Data collection and analysis on local economic and labour markets

A TREE programme is intended to improve the economic situation of women and men in a particular place. There are two main options:
  • Wage employment
  • Income-generating activity through self-employment and micro-enterprise development.
Initial analysis of labour market options will include assessment of potential for formal employment in conditions of decent work. This might include work opportunities in nearby towns or in industrial developments nearby. It is important to consider who may be seen as eligible or ineligible for these opportunities, for example due to any bias for against employing people of different genders, or from different social identifies. If there are significant opportunities for such employment and there is unmet labour force demand due to local skills gaps, a TREE program development may proceed to step 4, Training Needs Assessment. Other elements of TREE, such as post-training support, will also be needed.

If there are no significant wage employment opportunities, TREE development will begin with assessing the local area for potential economic opportunities in terms of existing markets where there is scope for expansion and/or unmet consumer demand. There may already be work done in this area or there may be local expertise in carrying out such assessments. Research should consider social, cultural, and geographic opportunities and limitations as well as economic ones and consider a range of potential economic sectors. Any tools or approaches used should be adapted to the local context.

TREE has developed three surveys to collect information on economic opportunities.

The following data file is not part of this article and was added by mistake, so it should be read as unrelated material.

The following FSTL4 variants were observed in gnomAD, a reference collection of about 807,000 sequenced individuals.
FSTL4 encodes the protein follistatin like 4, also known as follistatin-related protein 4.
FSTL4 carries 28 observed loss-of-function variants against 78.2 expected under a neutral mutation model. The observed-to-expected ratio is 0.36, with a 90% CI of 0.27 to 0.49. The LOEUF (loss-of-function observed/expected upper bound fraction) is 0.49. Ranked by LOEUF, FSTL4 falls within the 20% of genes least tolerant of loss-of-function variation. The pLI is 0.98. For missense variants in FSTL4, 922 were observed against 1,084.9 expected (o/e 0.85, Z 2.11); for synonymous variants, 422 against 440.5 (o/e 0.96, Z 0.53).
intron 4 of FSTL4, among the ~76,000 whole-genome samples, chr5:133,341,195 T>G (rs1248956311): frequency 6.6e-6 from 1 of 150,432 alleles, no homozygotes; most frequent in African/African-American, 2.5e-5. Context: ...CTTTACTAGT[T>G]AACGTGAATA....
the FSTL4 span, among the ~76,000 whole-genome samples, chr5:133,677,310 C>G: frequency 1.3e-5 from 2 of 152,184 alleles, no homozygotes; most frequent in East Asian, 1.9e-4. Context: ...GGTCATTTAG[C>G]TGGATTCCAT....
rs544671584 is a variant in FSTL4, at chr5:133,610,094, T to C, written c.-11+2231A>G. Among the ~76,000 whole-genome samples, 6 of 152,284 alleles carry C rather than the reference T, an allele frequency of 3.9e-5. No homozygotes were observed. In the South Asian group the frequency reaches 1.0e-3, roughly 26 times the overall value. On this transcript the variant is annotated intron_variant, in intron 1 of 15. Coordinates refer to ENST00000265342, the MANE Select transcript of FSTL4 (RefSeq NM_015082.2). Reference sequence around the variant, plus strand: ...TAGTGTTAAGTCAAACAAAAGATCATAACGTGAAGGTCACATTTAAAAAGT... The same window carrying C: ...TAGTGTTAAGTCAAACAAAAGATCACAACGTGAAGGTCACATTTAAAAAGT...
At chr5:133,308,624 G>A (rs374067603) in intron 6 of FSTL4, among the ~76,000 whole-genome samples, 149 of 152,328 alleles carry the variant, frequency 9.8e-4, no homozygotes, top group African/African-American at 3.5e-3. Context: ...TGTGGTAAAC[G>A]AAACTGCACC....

1. The Community Profile. This survey maps the local economy and identifies resources that are available to expand existing businesses or create new businesses. It collects information on the social and economic roles of women and men in the community, the local infrastructure and services, local raw materials, and current products. The profile is developed through meetings and discussions with local organizations (particularly the advisory committee) and stakeholders. Ensuring that excluded or marginalized groups and individuals participate fully is critical: make sure that women, persons with disabilities and others are able to fully contribute to both data gathering and discussion of the results. Understanding any latent or actual conflicts is also important, as these may be either reduced or exacerbated by the elements of the program design such as economic value chain or beneficiary selection.
  2. Consumer Demand Survey. The purpose of this survey is to find out from consumers which goods and services are in short or infrequent supply or aren’t of acceptable quality. Consumers may include those both at the local and wider levels: even national or international if there is an actual or potential broader market for local products.
  3. Market Opportunity Survey. This study follows on from the consumer demand survey and seeks to understand why desired products or services are not available. The people and organizations surveyed would include local artisans, producers, employers, traders, businesses, business associations, cooperatives, and other stakeholders. Ensuring that women, persons with disabilities and other marginalized groups are included in this is important. Findings from this survey identify whether there is potential to expand current local production of goods or services, develop new products, and related employment and business opportunities.
The studies in this section and the feasibility study that follows may be carried out by members of the TREE team or local experts or commissioned. A few potential elements for Terms of Reference for those carrying out the studies are included in Doc 3.5 Terms of Reference for carrying out survey and feasibility studies

Other sources of information on potential economic and labour market opportunities include research and analyses by government ministries, planning bodies, research institutions, national and international NGOs, and development agencies. These may include sectoral studies and value chain analyses. All of these provide potential input to the assessment of local potential.